Camp. On the left you see Morena, the owner’s dog. On the right is Jan and Mona’s rig and RTT.
Calvin and Leanne run a very nice (but small) operation. They have wifi, hot showers (OMG I almost DIED), and the bathroom sink doubles as a wash sink for dishes. With 2 SUV’s sporting RTT’s we had plenty of room, but they mentioned to email ahead of time since they may not always be able to accommodate (www.overlandoasis.com). Also, if you have dogs keep in mind that they also have a dog. We ended up having to keep our two dogs closed up most of the time because their dog seemed to be territorial around Barley (might have been because he was male, or because he was the same size as her – who knows).
We took the compostela (group taxi – crams 5 passengers (or more if there are kids) plus the driver in a 90’s Sentra. It’s snug. Its also only 10 pesos per person to ride to Centro. You make sacrifices where you can. Old town Oaxaca is stunning. The Zocalo (which I didn’t get any pictures of I was too busy gawking at everything, and drinking my hot chocolate – Oaxaca is kinda famous for this, it’s like crack in a cup) is large, and surrounded by restaurants and shops. These places are a bit on the higher end but still reasonable by US standards. The rest of the historic district has huge churches (I’m sure you can go in to them, but we just admired from outside), and tons of street vendors and more reasonably priced shops. There are also a few hostels we noticed. Backpacking Mexico is something we could definitely do. There’s a great market one block off the Zocalo, where we got the best beef we’ve had in months. I even cooked it well done, and it was like buttah. Produce was expensive here (like $1.75 for 2 peppers and 2 potatoes), but I think it was either Gringo prices, or the distance from the farmers (or perhaps it was organic?). The market had everything though, from bugs (for eating) to tapestries, saddles and other horse gear, meat, dairy, produce, clothing, jewelry, etc. Best part about this market – NO HASSLES! We could walk around, browse, buy, and even take pictures without anyone so much as batting an eyelash.
Meat Lady and her wares… I want more of this now. Some sights from around Oaxaca
Market stuff – even some chili lime crickets!
After buying a few necessities (like stripey ass-enhancing leggings that are very popular in Mexico, some cigars and dinner), we headed back to camp. That evening, after filling our bellies with too much meat, we got to sit around the chiminea with Calvin, Jan (German name pronounced more like Yahn), and Leanne. Unfortunatly, Jan’s girlfriend Mona was sick so she couldn’t join us. We saw some awesome pictures, got some awesomer leftover Christmas chocolates (there was peanut butter – yeah I’m not obessed or anything), and discussed the meaning of life. Ok, not really on that last one but we did talk a lot about a lot of things. This meant we got to bed later than usual, overslept, and didn’t leave on time… But we left with (sort of) and idea of where we were going… and that was all we needed. Right?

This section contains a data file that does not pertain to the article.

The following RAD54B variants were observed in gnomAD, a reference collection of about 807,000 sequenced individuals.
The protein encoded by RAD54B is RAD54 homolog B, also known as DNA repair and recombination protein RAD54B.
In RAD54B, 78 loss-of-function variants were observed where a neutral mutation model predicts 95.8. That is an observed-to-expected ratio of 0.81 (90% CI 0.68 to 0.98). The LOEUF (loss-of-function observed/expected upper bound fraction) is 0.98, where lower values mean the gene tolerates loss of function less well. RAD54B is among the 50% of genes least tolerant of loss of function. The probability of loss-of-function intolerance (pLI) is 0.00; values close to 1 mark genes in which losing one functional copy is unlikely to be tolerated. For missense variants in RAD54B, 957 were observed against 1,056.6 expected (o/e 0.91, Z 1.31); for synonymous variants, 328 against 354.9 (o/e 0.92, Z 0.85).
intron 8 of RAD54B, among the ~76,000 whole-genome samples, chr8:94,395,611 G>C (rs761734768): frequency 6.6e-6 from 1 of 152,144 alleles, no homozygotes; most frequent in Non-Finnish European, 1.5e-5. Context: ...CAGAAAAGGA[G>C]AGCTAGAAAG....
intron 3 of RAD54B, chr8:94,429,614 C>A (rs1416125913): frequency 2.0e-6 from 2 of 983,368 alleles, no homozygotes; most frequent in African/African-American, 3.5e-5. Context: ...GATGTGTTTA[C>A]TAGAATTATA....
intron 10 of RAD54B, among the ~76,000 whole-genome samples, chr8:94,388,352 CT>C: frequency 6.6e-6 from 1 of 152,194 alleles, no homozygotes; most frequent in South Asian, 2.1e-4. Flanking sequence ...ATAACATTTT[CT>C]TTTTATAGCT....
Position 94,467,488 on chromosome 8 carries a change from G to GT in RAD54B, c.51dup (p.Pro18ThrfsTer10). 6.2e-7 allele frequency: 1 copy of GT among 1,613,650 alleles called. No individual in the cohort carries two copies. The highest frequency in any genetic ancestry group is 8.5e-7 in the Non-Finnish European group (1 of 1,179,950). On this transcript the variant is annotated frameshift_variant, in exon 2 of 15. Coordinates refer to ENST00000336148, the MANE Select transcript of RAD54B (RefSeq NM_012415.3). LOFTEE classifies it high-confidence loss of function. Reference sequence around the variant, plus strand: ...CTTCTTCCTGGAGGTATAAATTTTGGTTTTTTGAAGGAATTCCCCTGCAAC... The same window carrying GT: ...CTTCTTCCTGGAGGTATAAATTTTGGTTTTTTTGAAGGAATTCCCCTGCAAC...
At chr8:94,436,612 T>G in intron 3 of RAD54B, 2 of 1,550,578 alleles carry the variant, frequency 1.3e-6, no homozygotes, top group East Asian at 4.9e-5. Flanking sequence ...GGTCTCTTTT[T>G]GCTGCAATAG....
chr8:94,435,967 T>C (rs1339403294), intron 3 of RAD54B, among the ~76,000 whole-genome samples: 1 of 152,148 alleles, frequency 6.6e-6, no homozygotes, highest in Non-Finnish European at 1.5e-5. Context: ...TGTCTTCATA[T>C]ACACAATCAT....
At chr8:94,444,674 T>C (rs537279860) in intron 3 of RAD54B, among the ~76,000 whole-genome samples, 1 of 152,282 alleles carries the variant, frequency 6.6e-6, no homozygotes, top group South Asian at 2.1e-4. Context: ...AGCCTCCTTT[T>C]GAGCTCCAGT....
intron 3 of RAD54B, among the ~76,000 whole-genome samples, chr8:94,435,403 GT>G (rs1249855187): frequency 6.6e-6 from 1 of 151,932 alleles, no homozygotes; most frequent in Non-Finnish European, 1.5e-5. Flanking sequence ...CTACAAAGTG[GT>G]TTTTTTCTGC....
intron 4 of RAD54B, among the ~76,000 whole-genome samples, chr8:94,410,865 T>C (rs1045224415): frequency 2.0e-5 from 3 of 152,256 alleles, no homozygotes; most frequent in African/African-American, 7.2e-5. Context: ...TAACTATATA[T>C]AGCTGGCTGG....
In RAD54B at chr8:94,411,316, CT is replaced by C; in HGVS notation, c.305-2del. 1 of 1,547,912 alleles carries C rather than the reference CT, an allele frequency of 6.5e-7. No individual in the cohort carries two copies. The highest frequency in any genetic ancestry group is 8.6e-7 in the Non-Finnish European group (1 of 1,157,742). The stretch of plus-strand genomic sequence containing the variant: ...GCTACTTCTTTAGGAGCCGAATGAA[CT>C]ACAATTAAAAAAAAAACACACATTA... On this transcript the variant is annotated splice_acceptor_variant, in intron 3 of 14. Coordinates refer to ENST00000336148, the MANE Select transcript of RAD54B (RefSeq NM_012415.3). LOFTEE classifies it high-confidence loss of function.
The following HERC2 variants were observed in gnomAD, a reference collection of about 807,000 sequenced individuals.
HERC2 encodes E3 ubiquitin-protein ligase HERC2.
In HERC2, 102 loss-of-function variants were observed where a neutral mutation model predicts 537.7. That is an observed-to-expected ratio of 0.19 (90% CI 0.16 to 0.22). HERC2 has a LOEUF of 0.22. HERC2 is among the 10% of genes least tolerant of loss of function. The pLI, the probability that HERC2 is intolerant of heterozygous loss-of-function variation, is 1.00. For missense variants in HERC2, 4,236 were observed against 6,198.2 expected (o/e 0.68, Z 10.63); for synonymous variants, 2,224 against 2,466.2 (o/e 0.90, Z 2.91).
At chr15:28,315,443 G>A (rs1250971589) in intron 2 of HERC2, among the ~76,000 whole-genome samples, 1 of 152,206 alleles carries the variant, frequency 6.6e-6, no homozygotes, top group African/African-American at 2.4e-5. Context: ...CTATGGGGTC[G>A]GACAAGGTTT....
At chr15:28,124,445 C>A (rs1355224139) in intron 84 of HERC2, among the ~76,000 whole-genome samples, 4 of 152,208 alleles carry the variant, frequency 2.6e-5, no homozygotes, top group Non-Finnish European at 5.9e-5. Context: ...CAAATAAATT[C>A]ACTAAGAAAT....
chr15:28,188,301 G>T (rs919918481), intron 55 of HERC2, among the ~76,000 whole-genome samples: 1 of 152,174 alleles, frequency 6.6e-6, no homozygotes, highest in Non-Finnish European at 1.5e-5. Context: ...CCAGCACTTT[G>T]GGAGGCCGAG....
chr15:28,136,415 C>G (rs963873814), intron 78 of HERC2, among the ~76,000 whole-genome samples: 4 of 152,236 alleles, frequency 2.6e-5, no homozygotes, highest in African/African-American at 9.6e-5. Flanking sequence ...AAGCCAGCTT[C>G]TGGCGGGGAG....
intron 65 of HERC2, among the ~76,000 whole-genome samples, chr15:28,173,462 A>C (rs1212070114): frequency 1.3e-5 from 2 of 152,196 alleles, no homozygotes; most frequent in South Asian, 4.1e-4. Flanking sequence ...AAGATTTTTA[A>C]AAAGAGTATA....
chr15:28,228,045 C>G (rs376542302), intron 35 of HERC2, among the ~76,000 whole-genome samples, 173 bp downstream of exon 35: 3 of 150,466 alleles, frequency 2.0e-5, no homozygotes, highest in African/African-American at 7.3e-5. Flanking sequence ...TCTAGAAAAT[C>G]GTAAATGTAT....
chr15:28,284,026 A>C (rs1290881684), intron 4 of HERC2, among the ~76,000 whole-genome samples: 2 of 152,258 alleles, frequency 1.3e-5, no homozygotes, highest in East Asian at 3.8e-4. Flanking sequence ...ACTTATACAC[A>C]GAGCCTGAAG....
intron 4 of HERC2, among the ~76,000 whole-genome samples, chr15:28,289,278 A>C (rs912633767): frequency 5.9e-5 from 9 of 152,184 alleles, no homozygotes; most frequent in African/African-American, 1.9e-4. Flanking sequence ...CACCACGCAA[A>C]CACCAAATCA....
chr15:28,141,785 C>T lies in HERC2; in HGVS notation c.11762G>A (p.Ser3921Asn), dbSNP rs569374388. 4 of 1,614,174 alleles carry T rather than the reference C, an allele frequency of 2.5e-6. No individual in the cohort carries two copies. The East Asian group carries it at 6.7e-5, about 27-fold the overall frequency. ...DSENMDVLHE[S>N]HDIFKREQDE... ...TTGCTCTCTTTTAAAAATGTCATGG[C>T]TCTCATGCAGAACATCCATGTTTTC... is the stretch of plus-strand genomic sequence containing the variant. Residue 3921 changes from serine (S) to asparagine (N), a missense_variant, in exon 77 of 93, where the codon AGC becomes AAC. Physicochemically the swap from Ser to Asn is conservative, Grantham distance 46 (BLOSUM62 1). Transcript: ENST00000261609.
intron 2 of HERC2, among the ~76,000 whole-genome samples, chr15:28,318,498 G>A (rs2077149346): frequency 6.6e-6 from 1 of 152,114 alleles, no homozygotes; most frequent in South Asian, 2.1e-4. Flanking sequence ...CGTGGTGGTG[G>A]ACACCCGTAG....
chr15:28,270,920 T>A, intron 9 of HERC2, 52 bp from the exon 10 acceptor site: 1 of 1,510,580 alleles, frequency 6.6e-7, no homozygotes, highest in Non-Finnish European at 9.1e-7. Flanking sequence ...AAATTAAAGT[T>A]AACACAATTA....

As we drew closer to Puerto Vallarta the familiar jungle sights and smells boosted our excitement of finally reaching the first extended stop on our adventure.
We visited Puerto Vallarta 8 years ago and stayed just north, in a small town called Bucerias. It was dusty, slightly rundown , and completely void of almost all tourist influence aside from the downtown market and The Royal Decameron Hotel, which is where we stayed the first time. That vacation was one of our best and we quickly fell in love with a Bucerias and decided it would be a great place to have a break from driving.
Tiff’s dad blessed us with a much needed break from crap hotels and our tent so he gave us an early Christmas gift of 3 nights in the Westin Hotel while we did some apartment hunting. We figured 3 nights would be plenty since which we envisioned finding a place would be fairly easy.
A room with a view!
And while we have found some “pet friendly” hotels so far, the Westin upped the ante and actually accomodates their furry guests! Our room was outfitted with a dog bed and food and water bowls. For us there was nothing better than hot showers and a real bed (can you say KING SIZE?)…we could even flush the tp! (If you have ever been to a less developed country and not stayed at a resort then you get it!)
Our Bed. They totally bogarted the whole thing through.
After relaxing our first full day in Puerto Vallarta on the Westin beach we readied ourselves for the apartment hunt. We had some prospects lined up from a few locals we met around the marina and Craigslist ads. Little did we know that Over the past 8 years Bucerias had been invaded by gringos and was no longer the quaint little town we remembered. So, the cost of rent had skyrocketed and we were forced to search the outlying towns of San Poncho, Lo de Marcos and Sayulita. San Poncho and Sayulita, while smaller, both had even stronger gringo influences. In addition, we came right at the beginning of the peak season, as well as watermelon picking season, so the amueblado departamentos (furnished apartments) on the other side of the highway were all rented (the cheaper ones) and even the moderately priced ones closer to the water were taken. Crap and double crap.
Some sights from around town while searching for a place to stay
We stopped and knocked on a few places with “Se Rente” signs, asked around at RV parks and bungalows, and even scoured the local websites but were not finding anything close to our budget. We were checking out of the Westin when we got an email from an ex pat who had been in touch with us regarding apartments. He found us a place 1 block off the beach next to the Decameron For $300 usd a month! Whattttt????!!!! That was our ideal location (secure, with easy access walking to everything)! We met up with him, looked the place over and sealed the deal.